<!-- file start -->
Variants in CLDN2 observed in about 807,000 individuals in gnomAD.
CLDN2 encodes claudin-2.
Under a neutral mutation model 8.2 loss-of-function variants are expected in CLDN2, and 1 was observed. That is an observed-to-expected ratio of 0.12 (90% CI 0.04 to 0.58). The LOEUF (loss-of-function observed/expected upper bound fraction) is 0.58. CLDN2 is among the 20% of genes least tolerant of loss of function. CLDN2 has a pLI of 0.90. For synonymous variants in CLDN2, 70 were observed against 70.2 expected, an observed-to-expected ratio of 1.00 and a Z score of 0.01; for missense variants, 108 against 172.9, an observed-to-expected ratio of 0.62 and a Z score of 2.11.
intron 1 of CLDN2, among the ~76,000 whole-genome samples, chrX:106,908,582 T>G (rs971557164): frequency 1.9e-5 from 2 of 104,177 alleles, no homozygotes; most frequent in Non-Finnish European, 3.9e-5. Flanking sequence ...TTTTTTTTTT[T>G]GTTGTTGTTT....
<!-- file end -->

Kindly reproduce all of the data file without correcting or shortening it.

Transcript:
Variants in CLDN2 observed in about 807,000 individuals in gnomAD.
CLDN2 encodes claudin-2.
Under a neutral mutation model 8.2 loss-of-function variants are expected in CLDN2, and 1 was observed. That is an observed-to-expected ratio of 0.12 (90% CI 0.04 to 0.58). The LOEUF (loss-of-function observed/expected upper bound fraction) is 0.58. CLDN2 is among the 20% of genes least tolerant of loss of function. CLDN2 has a pLI of 0.90. For synonymous variants in CLDN2, 70 were observed against 70.2 expected, an observed-to-expected ratio of 1.00 and a Z score of 0.01; for missense variants, 108 against 172.9, an observed-to-expected ratio of 0.62 and a Z score of 2.11.
intron 1 of CLDN2, among the ~76,000 whole-genome samples, chrX:106,908,582 T>G (rs971557164): frequency 1.9e-5 from 2 of 104,177 alleles, no homozygotes; most frequent in Non-Finnish European, 3.9e-5. Flanking sequence ...TTTTTTTTTT[T>G]GTTGTTGTTT....